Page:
Federal Tobacco Lawsuit is Targeted
Key members of Congress are attempting to derail a high-stakes Justice Department lawsuit against the tobacco industry by cutting off a vital source of funds to finance the government's litigation.
The government is seeking tens of billions of dollars in damages from large tobacco companies to cover federal health care programs' costs of treating cigarette-related illnesses. The tobacco industry settled a similar lawsuit with the states in 1998 for $206 billion.
As the industry pressed last week in federal court here to have the suit dismissed, some of its allies on Capitol Hill were adding provisions to fiscal 2001 spending bills that would effectively throttle the government's case.
The effort is being spearheaded by tobacco state lawmakers--including Rep. Harold Rogers (R-Ky.)--who want to kill the lawsuit and appropriations committee leaders who disapprove of the administration shifting funds from the departments of Defense, Veterans Affairs, and Health and Human Services to underwrite the cost of the litigation.
Attorney General Janet Reno warned recently that if the lawmakers prevail, it will "severely hamper" efforts to recover tens of billions of dollars and will set "an extremely troubling precedent" of lawmakers using the appropriations process to interfere with Justice Department policymaking.
"To put an end to this litigation by defunding it now would deprive federal taxpayers of their day in court," Reno said in a letter to Congress.
William Corr, executive vice president of the Campaign for Tobacco-Free Kids, an anti-tobacco group, complained that "it is clear that the Republican appropriators are trying to do one huge favor for the tobacco companies, which is to protect them from litigation."
Added Roger Salazar, spokesman for the American Cancer Society: "Tobacco should not be allowed to short-circuit the legal process by going to Congress and asking for special protection."
House Majority Leader Richard K. Armey (R-Tex.) replied yesterday that "we don't believe that the Justice Department ought to start down this road of 'Let's use class action lawsuits as a cash cow device.' "
The move marks the second time this year that lawmakers have intervened in a controversial government case. In May, the House voted to bar the Defense Department from giving Smith & Wesson preferential treatment in government contracts, part of a new effort to block the Clinton administration from rewarding gun manufacturers that adopt safety measures.
Administration officials agreed to leave Smith & Wesson out of any similar lawsuit against gun manufacturers after the company pledged to install trigger locks on its products and ban all gun sales without background checks.
The federal government sued the tobacco industry in September for having allegedly "conspired to deceive and mislead the American public about the danger of their products in order to maintain and attract customers generally, and children in particular." The suit includes an effort to recover billions of dollars in past Medicare expenses under the Medical Care Recovery Act, as well as civil racketeering charges against the industry.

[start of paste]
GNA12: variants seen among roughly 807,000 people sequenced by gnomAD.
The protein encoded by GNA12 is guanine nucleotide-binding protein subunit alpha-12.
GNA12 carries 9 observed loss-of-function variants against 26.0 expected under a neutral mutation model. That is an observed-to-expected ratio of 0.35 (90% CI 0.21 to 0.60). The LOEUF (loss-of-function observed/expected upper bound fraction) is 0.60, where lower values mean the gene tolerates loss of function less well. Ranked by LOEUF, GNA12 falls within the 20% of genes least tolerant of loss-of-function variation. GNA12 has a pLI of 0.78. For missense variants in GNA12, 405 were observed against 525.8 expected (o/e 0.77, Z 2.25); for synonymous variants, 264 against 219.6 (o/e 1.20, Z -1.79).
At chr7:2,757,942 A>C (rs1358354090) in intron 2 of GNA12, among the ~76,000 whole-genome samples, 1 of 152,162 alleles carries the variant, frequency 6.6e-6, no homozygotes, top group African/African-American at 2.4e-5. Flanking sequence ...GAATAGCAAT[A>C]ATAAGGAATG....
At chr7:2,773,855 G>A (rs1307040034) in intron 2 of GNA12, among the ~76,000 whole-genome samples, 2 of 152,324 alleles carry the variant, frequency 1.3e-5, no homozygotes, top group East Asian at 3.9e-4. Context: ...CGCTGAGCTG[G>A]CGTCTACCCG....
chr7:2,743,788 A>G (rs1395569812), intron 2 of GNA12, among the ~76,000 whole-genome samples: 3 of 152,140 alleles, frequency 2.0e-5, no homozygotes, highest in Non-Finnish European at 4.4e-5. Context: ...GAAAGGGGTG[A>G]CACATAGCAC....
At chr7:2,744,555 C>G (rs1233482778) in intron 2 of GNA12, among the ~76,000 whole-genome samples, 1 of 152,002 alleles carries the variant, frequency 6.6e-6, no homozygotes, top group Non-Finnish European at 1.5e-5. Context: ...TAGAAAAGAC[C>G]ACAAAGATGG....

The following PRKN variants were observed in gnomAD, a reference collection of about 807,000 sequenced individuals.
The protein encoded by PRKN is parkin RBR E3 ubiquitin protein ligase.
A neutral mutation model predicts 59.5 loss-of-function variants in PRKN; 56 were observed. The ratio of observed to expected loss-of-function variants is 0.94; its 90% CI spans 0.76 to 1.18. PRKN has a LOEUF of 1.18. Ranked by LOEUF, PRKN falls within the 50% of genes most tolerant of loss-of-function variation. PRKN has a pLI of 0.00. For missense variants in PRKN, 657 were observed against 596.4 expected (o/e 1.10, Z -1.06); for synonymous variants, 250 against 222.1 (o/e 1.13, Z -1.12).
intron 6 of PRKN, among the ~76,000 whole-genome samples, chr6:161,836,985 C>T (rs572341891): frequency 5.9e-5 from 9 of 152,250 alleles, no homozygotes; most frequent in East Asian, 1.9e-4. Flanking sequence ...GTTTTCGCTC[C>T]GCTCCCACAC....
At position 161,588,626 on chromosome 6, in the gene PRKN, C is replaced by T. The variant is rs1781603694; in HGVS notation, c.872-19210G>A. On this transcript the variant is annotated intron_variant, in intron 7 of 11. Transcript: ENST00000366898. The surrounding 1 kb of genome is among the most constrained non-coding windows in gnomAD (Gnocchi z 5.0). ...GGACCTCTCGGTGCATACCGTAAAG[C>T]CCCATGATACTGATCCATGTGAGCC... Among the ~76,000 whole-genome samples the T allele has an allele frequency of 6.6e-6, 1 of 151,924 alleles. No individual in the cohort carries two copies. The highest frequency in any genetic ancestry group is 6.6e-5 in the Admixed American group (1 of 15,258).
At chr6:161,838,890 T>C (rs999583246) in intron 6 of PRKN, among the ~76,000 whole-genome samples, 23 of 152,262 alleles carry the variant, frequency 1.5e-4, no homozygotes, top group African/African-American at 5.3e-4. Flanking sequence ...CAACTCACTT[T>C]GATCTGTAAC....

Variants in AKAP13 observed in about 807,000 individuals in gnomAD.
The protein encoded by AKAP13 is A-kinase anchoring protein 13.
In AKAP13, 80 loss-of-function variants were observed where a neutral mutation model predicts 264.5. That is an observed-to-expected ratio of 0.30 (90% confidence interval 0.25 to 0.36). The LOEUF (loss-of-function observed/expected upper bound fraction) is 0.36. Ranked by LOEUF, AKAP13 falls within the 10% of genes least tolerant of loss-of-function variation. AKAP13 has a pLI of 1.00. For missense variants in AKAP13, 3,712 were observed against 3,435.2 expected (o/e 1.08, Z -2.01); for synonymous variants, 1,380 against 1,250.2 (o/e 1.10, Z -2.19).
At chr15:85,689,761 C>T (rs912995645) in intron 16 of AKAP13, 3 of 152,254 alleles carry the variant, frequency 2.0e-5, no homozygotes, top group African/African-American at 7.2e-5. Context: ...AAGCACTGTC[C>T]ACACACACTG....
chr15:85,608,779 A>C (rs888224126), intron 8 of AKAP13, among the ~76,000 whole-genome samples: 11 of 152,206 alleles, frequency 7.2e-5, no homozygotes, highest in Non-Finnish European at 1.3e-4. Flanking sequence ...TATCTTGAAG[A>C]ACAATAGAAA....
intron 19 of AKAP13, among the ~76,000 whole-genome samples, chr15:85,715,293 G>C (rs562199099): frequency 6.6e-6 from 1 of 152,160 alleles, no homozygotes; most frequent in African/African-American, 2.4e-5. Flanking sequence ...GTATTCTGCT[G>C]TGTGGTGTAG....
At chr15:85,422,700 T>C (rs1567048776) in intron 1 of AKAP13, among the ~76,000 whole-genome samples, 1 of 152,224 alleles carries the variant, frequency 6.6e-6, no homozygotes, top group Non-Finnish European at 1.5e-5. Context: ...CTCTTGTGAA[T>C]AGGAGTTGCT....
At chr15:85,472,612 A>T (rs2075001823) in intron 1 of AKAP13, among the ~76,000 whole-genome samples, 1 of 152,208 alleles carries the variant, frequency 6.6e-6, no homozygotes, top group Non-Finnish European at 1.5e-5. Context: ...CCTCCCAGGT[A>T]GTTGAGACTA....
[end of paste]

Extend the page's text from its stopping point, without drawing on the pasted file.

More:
Congress and the administration first clashed over the litigation late last year, when GOP leaders rebuffed a White House request for $14 million to finance the case. Desperate for the financial wherewithal to launch the litigation last fall, the administration seized on a provision of the spending law--called Section 109--that allows agencies enlisting Justice Department assistance in civil litigation to share in the cost of the government's defense.
The Justice Department has received $36 million in reimbursements from other agencies over the past five years.
In a twist on the original intent of Section 109, the administration decided to assess departments and programs that stand to benefit from the tobacco suit to help cover the expense of pursuing the case. In all, the Justice Department claimed about $8 million from other departments for the fiscal year beginning Oct. 1.
When lawmakers learned of the administration's maneuver, they reacted angrily. Senate Appropriations Committee Chairman Ted Stevens (R-Alaska) inserted language in the new agriculture spending bill that would rescind Section 109. Democrats strongly objected to the move, and President Clinton on Tuesday threatened to veto the legislation if it contains "special-interest provisions for the tobacco industry."
In the House, Rogers, chairman of the Appropriations subcommittee on Commerce, Justice and State, modified Section 109 to prevent the Justice Department from using other agencies' funds to initiate litigation, including the tobacco suit.
Rogers, a strong ally of the tobacco industry, said he wants to kill the Justice Department lawsuit because it poses a threat to Kentucky tobacco growers and because he strongly objects to the Justice Department "going through the back door" to finance its litigation.
"I don't like the litigation and I don't think they have the constitutional authority to bring it," Rogers said. "I wouldn't think that the Justice Department would be playing games with congressional intent."
Stevens signaled recently that he was softening his position in the face of the president's veto threat, but Rep. Jerry Lewis (R-Calif.), chairman of the defense appropriations subcommittee, Rogers and Armey indicated that the House was likely to stand firm against the Justice Department.
Staff writer Marc Kaufman contributed to this report.